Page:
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ASDC J Dent Child. 1997 Mar-Apr;64(2):112-7.

Feeding practices and dental caries in an urban Canadian population of Vietnamese preschool children.

Author information

1
Department of Clinical Dental Sciences, University of British Columbia.

Abstract

The aim of this project was to determine the severity of nursing caries, and to examine contributing behavioral factors, in a group of Vietnamese families in British Columbia, Canada. The data collected became the basis for a community-based oral health promotion program. Information on feeding, dental health practices, and dental caries were collected for 60 mother/child pairs. For children > or = 18 mos, prevalence of nursing caries was 64 percent. Sixty-five percent of all children had a naptime bottle, and 85 percent > or = 18 mos had a "comfort" bottle that was carried around, and drunk from during the day. Milk was the most common beverage. A "comfort" bottle was significantly related to the presence of nursing caries, P = 0.02; a naptime bottle had a less significant association, P = 0.07. Dental knowledge questions revealed that all mothers knew that a child who had a "comfort" bottle could get tooth decay, but 63 percent thought that cavities were not a problem in baby teeth.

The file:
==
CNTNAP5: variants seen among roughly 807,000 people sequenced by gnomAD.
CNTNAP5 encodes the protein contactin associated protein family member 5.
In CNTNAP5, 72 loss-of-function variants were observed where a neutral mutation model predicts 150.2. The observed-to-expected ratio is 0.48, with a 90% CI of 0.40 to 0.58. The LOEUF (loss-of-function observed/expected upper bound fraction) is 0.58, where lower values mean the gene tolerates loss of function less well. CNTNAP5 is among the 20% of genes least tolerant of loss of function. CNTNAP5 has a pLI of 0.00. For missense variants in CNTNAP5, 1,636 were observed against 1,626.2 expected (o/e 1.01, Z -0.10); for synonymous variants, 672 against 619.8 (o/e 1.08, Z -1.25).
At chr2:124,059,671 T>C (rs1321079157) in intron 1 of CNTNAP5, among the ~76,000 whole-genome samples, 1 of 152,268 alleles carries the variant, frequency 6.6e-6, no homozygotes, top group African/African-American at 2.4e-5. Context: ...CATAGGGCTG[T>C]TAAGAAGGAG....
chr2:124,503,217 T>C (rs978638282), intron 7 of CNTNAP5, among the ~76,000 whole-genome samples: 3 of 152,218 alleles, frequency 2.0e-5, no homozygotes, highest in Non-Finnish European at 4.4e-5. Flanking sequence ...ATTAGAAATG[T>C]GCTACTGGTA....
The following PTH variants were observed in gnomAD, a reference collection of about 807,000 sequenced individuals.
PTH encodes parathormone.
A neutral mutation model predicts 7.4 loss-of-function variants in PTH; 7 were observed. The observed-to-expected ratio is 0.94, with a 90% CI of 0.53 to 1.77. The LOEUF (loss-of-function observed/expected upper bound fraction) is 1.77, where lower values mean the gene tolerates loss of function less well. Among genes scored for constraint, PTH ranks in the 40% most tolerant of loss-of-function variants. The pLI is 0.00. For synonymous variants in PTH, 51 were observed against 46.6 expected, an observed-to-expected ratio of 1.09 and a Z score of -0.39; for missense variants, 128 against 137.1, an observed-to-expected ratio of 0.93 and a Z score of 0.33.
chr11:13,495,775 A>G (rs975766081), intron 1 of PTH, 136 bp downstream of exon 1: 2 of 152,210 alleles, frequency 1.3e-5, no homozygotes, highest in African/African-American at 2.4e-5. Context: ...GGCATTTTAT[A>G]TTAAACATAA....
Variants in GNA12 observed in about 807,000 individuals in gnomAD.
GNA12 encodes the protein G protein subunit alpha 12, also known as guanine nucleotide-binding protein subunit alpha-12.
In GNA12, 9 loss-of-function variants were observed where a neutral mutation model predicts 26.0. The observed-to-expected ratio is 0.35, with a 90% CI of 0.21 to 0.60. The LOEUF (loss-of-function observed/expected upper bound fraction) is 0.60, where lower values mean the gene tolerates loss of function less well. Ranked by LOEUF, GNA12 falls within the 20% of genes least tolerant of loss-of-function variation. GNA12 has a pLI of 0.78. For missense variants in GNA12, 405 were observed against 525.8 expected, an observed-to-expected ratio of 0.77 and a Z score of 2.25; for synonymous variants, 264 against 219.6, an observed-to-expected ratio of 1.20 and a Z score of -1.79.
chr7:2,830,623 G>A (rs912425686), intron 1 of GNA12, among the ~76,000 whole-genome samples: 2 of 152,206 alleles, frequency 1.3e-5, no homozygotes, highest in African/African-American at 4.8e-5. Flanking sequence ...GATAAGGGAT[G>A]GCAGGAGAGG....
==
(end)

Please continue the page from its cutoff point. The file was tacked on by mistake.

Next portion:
PMID:
9189000
[Indexed for MEDLINE]

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